What I share won't come from after dark but rather the quiet before the light, warm morning kisses, and the cold grip of the day.

Tuesday, September 28, 2010

Yield of Dreams

Granted, it has been more than a few years since I studied a driving manual.  When we moved to Oregon in 1995 we had to take the written test to get our Oregon licenses.  (Not so when moving back to NM.  What do they care?  We were shocked…maybe too strong…perplexed…flabbergasted, is closer, too it) when our Kid recently becoming seventeen, was not required to go in for either the written or the driving test before she was issued her full-on drivers license.  At fifteen she did the drivers-ed course and got her “provisional.”  But, really…just off you go!)  Perhaps, I should ask her, or look through her manual from her driving class if she has kept it.  (And, she keeps every book.)  My query is: when did yield, as an obligation (a law?  Can you get a ticket for not yielding?), go out the window?  Is it not in the books?

Maybe it began as a reverse courtesy from professional truck drivers.  Their big rigs are going along in the slow lane and see a car approaching the highway on the entrance ramp about to enter their lane.  If the passing lane is clear they will move to their left allowing a car to smoothly transition onto the highway.  In effect, the truck now has yielded to the car.  That was nice of the truck driver.  But, what began as an accommodation has now become an obligation.  Drivers entering from an on ramp expect - demand - that those on the highway move over to allow a smooth segue, saving them the inconvenience of having to tap their breaks, slow down, or even, gawd forbid, stop all together.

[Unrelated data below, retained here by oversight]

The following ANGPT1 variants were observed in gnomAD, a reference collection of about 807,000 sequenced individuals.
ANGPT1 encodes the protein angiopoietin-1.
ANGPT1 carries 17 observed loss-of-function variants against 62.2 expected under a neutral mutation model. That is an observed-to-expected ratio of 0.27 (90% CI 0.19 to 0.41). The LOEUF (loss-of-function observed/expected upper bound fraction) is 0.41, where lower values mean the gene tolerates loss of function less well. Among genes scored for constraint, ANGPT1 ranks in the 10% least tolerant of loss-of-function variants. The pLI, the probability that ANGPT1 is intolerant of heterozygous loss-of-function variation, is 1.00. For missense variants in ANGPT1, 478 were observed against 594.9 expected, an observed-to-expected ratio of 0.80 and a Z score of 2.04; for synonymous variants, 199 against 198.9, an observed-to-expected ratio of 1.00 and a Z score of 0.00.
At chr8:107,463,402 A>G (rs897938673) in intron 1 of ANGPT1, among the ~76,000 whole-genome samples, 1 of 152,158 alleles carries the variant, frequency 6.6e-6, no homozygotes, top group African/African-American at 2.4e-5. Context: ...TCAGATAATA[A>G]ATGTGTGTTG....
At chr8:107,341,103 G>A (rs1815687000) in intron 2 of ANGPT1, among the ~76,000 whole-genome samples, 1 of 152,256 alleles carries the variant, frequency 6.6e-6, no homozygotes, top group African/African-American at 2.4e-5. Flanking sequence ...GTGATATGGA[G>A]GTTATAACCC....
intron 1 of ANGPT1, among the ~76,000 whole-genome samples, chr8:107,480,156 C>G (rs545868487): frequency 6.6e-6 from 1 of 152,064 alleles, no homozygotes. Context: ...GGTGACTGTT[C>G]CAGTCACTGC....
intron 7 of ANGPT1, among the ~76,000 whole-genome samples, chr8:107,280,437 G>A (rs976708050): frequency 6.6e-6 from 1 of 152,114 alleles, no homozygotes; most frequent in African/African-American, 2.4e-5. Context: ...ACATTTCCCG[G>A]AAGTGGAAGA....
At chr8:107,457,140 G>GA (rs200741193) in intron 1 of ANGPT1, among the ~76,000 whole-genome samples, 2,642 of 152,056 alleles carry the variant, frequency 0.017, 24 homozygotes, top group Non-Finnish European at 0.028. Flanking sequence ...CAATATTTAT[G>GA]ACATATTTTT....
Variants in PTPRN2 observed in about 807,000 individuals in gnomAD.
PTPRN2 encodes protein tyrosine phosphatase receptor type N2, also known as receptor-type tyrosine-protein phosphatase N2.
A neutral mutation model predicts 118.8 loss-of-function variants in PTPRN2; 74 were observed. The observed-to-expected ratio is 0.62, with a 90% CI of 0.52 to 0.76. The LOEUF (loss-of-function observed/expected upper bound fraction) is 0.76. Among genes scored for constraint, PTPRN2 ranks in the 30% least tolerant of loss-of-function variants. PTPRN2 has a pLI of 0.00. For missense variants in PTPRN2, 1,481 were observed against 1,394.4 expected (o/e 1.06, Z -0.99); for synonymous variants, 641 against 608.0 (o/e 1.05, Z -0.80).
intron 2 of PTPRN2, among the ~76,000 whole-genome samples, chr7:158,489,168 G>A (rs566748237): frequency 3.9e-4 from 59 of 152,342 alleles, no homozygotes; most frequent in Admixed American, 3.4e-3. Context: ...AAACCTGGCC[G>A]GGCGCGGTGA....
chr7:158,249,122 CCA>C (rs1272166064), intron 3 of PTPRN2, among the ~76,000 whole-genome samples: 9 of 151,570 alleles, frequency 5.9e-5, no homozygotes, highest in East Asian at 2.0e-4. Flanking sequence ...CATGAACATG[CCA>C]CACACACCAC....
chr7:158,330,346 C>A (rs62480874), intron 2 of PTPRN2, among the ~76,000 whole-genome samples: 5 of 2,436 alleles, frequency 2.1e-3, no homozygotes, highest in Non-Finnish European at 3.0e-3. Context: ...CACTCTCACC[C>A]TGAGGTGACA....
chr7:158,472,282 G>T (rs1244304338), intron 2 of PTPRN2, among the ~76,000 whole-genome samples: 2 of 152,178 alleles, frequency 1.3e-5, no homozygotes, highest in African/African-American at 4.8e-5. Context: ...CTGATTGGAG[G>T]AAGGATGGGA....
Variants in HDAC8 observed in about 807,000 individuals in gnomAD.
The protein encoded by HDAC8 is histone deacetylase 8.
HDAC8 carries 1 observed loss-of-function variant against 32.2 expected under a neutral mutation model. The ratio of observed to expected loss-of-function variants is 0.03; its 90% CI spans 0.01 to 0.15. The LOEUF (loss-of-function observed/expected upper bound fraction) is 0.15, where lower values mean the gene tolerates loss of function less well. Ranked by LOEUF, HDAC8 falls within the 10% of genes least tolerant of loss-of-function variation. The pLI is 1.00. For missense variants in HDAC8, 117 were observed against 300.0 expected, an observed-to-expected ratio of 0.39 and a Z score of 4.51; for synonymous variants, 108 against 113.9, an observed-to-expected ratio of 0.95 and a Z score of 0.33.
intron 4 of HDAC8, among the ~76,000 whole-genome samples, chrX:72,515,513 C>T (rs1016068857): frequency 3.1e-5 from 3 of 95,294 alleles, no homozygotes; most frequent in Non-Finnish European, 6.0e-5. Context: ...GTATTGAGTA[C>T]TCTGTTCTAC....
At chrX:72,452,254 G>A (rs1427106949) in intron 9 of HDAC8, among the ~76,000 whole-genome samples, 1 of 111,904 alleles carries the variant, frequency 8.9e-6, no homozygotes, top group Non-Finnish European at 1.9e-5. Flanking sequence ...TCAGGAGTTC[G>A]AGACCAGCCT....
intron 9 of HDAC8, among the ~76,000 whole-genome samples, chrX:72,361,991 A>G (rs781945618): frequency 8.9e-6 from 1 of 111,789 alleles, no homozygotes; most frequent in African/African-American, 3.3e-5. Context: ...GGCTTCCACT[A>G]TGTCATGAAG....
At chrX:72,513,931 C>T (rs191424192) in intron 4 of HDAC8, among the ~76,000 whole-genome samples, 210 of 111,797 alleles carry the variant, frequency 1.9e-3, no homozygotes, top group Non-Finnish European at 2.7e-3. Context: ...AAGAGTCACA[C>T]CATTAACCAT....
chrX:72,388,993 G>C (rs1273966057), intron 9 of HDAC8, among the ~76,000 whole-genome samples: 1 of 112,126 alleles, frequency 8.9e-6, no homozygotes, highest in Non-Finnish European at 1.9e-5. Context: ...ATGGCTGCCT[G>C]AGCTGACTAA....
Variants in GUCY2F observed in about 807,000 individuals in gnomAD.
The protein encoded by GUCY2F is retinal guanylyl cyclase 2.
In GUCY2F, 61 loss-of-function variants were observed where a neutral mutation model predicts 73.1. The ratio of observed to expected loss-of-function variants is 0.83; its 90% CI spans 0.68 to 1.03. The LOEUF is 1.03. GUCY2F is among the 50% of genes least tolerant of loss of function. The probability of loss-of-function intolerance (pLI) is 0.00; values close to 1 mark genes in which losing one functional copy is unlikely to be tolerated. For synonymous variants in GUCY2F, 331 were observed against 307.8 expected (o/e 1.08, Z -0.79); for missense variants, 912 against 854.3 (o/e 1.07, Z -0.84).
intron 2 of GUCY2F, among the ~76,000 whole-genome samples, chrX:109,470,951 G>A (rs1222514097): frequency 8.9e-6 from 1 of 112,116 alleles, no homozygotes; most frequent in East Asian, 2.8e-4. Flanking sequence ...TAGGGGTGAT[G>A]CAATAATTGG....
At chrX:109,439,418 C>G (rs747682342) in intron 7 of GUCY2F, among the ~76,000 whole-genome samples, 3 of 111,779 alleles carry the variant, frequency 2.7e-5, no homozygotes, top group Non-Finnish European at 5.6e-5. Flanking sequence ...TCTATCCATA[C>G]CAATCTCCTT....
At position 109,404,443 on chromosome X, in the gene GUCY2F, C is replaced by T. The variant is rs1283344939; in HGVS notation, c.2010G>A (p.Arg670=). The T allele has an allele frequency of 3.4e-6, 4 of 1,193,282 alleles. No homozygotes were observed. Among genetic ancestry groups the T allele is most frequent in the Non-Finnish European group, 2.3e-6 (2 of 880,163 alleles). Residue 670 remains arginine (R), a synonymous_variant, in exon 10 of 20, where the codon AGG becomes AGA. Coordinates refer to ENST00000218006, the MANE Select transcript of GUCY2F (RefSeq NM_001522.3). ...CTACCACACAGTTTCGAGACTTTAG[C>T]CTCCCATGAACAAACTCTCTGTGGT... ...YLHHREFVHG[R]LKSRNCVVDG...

This can get tricky when you are in the slow lane and there are cars on your left or that are over taking you in the passing lane, making it difficult, if not impossible, for you to move over.  The car zooming up the entrance ramp may not be able to see, indeed, if they are even looking, cars in the fast lane preventing you from yielding to The One-Who-Should-Be-Yielding.  When that happens…you, with the rightful right of way, have to break.  Or, it becomes a game of “chicken.”  We know that is not good.  (See Rebel Without a Cause.)

Another thing drives me nuts.  In this scenario, I have yielded to the entering and, sometimes, oblivious vehicle.  Now, I, the conservative driver, am in the passing lane trying to get up to a speed I didn’t want to be doing, while “Speedy”, the alpha-dawg, has come onto the highway and into my vacated spot in the slow lane.  Slow is not in Speedy’s vocabulary.  If, there is another car in the slow lane, the one I was behind before I moved over and is in front of Speedy, our lead-foot is now trapped behind it and hemmed in by me.  I can’t get into the right lane again because Speedy is racing beside me, shooting me dirty looks, and there is now someone on my ass in the passing lane.  Speedy is not grateful that I ceded my lane position (like I had a choice?), rather, he is pissed off that he is relegated to the slow lane.  What does he expect me to do?  Disappear?!  He is mad at me; I am mad at him.  Not good.

Sometimes, what we perceive as doing the “nice” thing can be a problem.  Rather, we should do the right thing.  But, don’t expect it in return.

Anon, James

1 comment:

  1. I have gone out of my way to make sure that folks like Speedy remain boxed into the slow lane. I derive great satisfaction from it. My dirty little secret!